Wednesday, March 26, 2008

Commonwealth Asian Region Youth Climate Change workshop & Duke University visit to Pulau Semakau 26 March 2008

Assorted Photos from the trip...

Dr Dan and students checking out the Southern Shores map.

The groups eagerly chatting.

Trying on a bootie

Two Brahminy kites soaring in the morning sky

Appreciating Singapore's port facilities...

At Semakau Landfill, it was time for the rest to put on their booties.

The Dos and Don'ts sign and Map.

Everyone applying insect repellant before tacking the mozzie gauntlet

There was an interesting clump of berry-like fruits hanging from a tall tree or vine along the path. Anyone know what this is called?

All smiles ... before the mozzie were woken up.

more smiles...

Time to brush off the mozzies...

SJ starts with the oysters

These little snails were everywhere!

There were lots of interesting things to see...

What in the world?!!
(It's a worm cast from a burrowing worm.)

The huge expanse of seagrass...a perfect refuge for young marine creatures.

Sponges galore!

Can you spot the hairy crab on this sponge? It's camouflage is so good!

Wading through the path to reach the outside flats...using the same path reduces trampling damage to the rest of the habitat.

Drs Dan and Stan spot something ...

It's a swimming crab! And a large one too!

There were a fair collection of snail shells...

As we moved further out, we came across various types of corals...

The NHC marker where did that fish go to?

Sea grapes! (it's a kid of seaweed actually!)

A feather duster fan worm!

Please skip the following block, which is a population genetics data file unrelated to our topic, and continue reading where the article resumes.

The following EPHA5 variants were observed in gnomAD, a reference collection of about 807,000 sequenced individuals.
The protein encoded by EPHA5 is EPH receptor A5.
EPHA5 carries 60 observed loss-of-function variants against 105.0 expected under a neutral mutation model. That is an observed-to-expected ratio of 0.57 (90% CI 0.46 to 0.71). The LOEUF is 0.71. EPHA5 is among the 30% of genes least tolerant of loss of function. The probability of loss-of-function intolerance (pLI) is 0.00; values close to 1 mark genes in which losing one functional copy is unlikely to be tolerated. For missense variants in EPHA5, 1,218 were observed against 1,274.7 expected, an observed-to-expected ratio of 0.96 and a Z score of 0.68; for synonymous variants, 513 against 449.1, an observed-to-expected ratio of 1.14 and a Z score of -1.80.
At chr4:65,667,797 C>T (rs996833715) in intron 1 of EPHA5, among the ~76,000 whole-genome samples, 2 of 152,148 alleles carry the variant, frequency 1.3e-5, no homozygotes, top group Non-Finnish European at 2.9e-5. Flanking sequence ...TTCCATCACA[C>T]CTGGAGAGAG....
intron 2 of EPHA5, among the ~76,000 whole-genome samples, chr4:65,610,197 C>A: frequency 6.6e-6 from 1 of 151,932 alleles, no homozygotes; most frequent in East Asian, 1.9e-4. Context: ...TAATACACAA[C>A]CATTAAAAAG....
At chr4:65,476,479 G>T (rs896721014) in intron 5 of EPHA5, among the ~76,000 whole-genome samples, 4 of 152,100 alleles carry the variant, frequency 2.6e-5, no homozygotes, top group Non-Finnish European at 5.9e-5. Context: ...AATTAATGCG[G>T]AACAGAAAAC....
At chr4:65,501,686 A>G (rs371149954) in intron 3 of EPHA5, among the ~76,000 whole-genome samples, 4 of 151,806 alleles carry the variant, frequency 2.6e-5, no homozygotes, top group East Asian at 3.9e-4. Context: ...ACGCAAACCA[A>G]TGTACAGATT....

Hey! shark! No ... maybe. It was a rather big fish which was chasing other smaller prey fish. We kept a lookout for the 'shark'...everyone excited...and some a bit worried....I guess JAWS still has some impact on the minds. Note that Semakau does have resident black tip reef sharks.

A flock of herons coming in to feed on the sand flats

A knobby sea-star! Not many did get a chance to see this iconic inhabitant of the inter-tidal zone.

Jelly? no, this is the egg collar produced by a moon snail. It is made of compacted snails eggs and sand.

The tides waited for no one and we were soon to be swamped by the incoming tide...The next segment for the day was the Landfill tour....which ended up at the spanky new visitor centre where everyone took some time off to chat and replenish their energy stores..

As usual, guests shared their thoughts on their trip...

Some pondered with words...

others with skilled sketches

and some (Dr Dan) with skills to leave us in stitches :) (just kidding)

This one says it all....everyone was happy for the experience.

More blog posts about the trip
wildfilms blog
nature scouters blog
leafmonkey blog

More about visiting Pulau Semakau on the wildsingapore website


  1. bian says those vines are called Sea Grapes! :)

  2. wow! it looks like there are at least 3 kinds of coastal/marine plants which are called Sea Grapes.:-
    1. the seaweed variety
    2. the one pictured above at Semakau
    3. another tree which produces a bunch of grape-like fruit and which is commonly found in our parks.

    Thanks Bian!